With that very long preface and attempt to mollify disdain and outright outrage (a ridiculous reaction but one which happens none the less when one is called upon to perhaps change one’s view a bit to get a larger picture of truth) because of a radical something I am going to propose, let me begin.

    Joseph Smith said on an occasion “What will save our spirits will save our bodies. Our actions in our earthly tabernacles will determine the future for our spirits.”[2] Isaac Luria, perhaps the greatest medieval Kabbalist taught “During the recitation of the Shema, the lower union transforms into the higher union. Hear, O Israel, the Lord is our God, the Lord is One.”[3]

    I am particularly struck at the congruence of these two statements, the overarching truth manifest in them, directly, no deep scholarly elaboration, mystical ululation and difficult expression, no elaborate philosophical jargon and discourse, just two blunt statements of direct truth from two founders of two religions which still have enormous influence in the world today, one from a Mormon, the other from a Jew. And they are exactly the same principle, though culturally expressed with their own particular inflection.

    The unification Luria is talking about is the human with the Divine to put it shortly and directly. That is the pure goal and alchemical gold of all esoteric meaning whether Jewish, Muslim Christian or Mormon. Otherwise there is simply no point to anything.

    What energized me to write this paper is my reading (I do daily) of the Zohar, in “Parashat Mishpatim: - :Laws,” the “Sava de-Mishpatim” - “Old Man of Mishpatim,” where Rabbi Yose exhults on encountering Rabbi Hiyya - “How happy I am to see the face of Shekhinah.”[4]

    Daniel Matt’s comment here on this is quite revealing! “According to rabbinic tradition, ‘whoever welcomes [literally, receives the face of] the wise is considered as if he welcomes Shekhinah…’ The Zohar transforms the rabbinic simile into an actual description of the righteous, who are called the face of Shekhinah ‘because Shekhinah is hidden within them: She is in concealment, they are revealed.’”[5]

    Who is Shekhinah? In as short a possible way, She is God’s Wife. She is the Female aspect of God Himself. She is the wife, daughter, sister, everything to do with the Divine feminine God within humanity and God, the great unifier. Her symbolisms elaborated in the Zohar are innumerable as she is one of the singular most important parts of Jewish esoteric spirituality. And Shekhinah as “Mom” (I say this with reverence and adoration, not sarcasm, but holy reverence) is utterly celebrated, cherished, relished, praised, glorified, and loved as longly, loudly, and joyfully as humanly possible in the Zohar. All else may pass away, all things, all galaxies, the entire universe, “Mom” never becomes outdated, or irrelevant or passes away. “Mom” is eternal.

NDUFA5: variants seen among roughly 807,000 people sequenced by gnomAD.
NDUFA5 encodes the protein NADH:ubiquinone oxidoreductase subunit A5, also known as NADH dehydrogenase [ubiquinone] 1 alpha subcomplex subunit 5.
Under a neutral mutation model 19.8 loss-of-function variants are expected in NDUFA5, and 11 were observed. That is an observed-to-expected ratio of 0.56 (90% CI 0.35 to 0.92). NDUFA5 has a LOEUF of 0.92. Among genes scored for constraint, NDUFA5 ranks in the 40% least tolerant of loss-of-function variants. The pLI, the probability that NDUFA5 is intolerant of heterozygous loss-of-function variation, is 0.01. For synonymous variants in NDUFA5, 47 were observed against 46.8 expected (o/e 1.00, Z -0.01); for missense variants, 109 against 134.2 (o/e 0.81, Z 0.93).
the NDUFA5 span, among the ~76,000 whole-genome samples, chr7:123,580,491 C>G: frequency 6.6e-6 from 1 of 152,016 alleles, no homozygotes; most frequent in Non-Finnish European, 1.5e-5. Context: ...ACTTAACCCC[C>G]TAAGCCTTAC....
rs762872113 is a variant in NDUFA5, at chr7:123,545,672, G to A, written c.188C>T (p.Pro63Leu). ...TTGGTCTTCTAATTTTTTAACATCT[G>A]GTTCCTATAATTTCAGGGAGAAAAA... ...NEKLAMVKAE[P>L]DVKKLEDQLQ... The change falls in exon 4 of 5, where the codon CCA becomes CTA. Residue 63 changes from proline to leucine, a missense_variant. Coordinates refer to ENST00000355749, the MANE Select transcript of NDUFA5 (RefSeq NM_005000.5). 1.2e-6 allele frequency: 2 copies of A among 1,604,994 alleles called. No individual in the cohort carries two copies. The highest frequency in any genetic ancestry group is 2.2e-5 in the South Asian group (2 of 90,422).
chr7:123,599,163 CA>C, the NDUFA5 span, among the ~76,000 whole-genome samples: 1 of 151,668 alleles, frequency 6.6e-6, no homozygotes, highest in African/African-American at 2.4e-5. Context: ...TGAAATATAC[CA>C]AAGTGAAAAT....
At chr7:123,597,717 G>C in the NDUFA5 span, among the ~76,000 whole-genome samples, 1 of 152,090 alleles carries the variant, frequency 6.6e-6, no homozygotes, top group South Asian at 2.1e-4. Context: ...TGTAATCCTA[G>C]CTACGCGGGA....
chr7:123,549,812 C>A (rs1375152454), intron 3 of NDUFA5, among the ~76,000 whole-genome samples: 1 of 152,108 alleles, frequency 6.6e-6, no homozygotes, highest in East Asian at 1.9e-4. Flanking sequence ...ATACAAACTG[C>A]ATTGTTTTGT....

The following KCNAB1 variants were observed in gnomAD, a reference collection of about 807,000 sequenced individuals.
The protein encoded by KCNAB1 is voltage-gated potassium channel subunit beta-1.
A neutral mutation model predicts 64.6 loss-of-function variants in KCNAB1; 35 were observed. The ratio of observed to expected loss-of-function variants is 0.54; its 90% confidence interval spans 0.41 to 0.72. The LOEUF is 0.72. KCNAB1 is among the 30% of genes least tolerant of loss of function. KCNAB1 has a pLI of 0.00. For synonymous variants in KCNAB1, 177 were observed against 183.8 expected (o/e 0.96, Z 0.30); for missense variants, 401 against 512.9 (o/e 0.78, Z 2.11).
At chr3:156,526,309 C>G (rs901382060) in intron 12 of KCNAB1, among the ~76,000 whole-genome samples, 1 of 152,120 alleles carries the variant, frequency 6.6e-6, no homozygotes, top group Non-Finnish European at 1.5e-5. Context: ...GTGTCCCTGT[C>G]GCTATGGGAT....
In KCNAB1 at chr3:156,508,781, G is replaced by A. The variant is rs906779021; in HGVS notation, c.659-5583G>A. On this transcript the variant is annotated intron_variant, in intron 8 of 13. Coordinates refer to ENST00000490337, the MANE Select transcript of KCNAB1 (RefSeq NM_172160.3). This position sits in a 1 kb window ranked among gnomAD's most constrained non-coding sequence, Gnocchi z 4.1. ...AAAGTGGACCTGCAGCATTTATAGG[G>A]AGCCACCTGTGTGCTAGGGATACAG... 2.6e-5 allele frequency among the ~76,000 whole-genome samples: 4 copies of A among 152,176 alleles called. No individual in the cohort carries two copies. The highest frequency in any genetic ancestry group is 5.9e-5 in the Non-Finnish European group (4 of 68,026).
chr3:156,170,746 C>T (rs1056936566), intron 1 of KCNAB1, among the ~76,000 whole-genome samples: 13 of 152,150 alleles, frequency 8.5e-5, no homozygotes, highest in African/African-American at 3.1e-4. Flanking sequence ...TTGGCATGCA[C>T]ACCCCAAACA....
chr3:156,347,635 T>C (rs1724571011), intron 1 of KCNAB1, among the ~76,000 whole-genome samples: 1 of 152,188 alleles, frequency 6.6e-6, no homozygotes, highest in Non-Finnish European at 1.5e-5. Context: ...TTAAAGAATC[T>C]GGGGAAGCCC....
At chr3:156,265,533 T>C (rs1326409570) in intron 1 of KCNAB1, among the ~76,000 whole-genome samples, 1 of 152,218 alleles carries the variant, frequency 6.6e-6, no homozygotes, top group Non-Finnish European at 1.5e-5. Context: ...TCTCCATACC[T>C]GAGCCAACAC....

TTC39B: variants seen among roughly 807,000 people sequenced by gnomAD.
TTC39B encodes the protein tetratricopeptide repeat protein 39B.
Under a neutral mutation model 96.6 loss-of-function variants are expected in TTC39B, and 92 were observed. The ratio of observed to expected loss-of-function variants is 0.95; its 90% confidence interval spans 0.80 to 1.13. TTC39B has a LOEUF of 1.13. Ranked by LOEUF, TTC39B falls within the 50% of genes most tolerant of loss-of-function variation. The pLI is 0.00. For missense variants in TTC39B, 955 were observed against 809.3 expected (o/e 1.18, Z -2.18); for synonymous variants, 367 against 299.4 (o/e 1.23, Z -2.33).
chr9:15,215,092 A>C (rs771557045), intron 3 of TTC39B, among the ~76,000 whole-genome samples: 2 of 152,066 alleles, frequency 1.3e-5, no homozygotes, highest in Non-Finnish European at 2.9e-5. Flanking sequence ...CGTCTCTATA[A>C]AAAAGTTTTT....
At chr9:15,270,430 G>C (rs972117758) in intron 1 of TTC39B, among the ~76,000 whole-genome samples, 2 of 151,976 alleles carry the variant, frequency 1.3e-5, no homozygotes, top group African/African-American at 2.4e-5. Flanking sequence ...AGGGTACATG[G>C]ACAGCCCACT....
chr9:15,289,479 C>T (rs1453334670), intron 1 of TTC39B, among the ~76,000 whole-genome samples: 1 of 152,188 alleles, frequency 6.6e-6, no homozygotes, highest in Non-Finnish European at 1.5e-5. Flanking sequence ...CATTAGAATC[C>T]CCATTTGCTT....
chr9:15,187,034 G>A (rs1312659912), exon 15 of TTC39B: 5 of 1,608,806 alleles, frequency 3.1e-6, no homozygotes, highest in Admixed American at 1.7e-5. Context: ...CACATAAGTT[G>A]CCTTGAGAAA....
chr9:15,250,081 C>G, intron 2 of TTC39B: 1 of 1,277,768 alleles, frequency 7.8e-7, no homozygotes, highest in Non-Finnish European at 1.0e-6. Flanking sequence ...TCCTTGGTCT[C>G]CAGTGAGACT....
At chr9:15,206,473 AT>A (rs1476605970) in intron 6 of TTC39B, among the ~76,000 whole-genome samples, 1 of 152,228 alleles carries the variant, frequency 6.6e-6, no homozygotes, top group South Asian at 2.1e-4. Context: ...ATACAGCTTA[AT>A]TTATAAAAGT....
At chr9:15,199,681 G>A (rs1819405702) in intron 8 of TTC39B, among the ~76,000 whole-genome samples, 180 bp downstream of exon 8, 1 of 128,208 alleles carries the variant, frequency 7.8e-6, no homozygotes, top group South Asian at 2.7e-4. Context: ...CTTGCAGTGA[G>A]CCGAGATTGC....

Judaism in its lofty spiritual accomplishment within the elaborate, ornate, and delicious Zohar has brought back a concept which Christian, Muslims, and Mormons can now begin to cherish greater, and appreciate on a vaster scale. This ties in with an astonishing occasion occurring in Jesus’ life which has gone missing in Orthodox Christianity, and which grooves perfectly with the Zohar conception of Shekhinah.

    When Jesus was baptized, the image of a dove descended upon him and a voice was heard declaring him the Son. According to some of the Early Christians’ understanding (probably not all of them as they were never actually united in their theological ideas and beliefs), Jerome, one of the many early Christian Church Fathers, quotes the Gospel of the Hebrews which declared that Jesus was the Son the voice had been waiting for. Jesus described that voice as the Holy Spirit “My Mother.”[6]

    Gershom Scholem, the indefatigable Jewish Kabbalist scholar, described how Philo described the Creator Father of all, and the Mother of all, and the Son. The Father was the husband of Wisdom (personified wife of God) while the Hebrew Qadosh was described as the Holy Spirit, it was the same spirit who was the Mother in the Hebrew scriptures.[7] This same Godhead of Father, Mother, Son, who was birthed to them as the Logos(!) is further described by numerous biblical scholars, of which for now one reference suffices.[8]

    Mormonism has somehow missed out of this magnificent theological development of the “Eternal Family” of Father, Mother, Son, yet does have some esoteric teachings of the idea of eternal spirits of mankind, and the serious importance of the Holy Ghost. One of the truly exalting themes was told by B.H. Roberts, a prominent early Mormon theologian and church leader. He did say the Holy Ghost was a “pure spirit of intelligence.” Also a personage of spirit, not yet embodied. In light of that, he distinguished yet another spirit within Mormon theology which fills the immensity of space, a “creative and upholding power and vital force - intelligence-inspiring power - the true light, which lighteth every man that cometh into the world.”[9]

    In the Zohar, this is the Shekhinah. In the "Haqdamat Sefer ha-Zohar," Shekhinah with Binah (the Mother) as Mother and Daughter comprised the two ends of heaven, above and below.[10] In the “Parashat Hayyei Sarah,” we read “The sea resembles the sky, as we have learned, and the sky, the Throne of Glory.” Both Sea and Throne of Glory, which is in the very Highest heaven, is symbolized by Shekhinah.[11] Shekhinah in the “Lekh Lekha,” is the “et” of the Hebrew language, that is, she comprises the entire alphabet of divine speech itself! Cf. Jesus being the Alpha and Omega.[12] Shekhinah is the Moon, as well as identified with and as Metatron in the “Va-Yeshev.”[13] Shekhinah is the Tent of Meeting, which itself, was a model of the entire Cosmos, in “Va-Yhi.”[14] In the “Parashat Shemot,” Shekhinah is the Garden into which the rivers of heaven flow. The Garden is symbolic of the entire Cosmos, she is that.[15] And there is much more symbolisms and levels to the depth of “Mom,” which the Zohar elaborates. She is one of the singular most all inclusive symbols in all of esoteric literatures.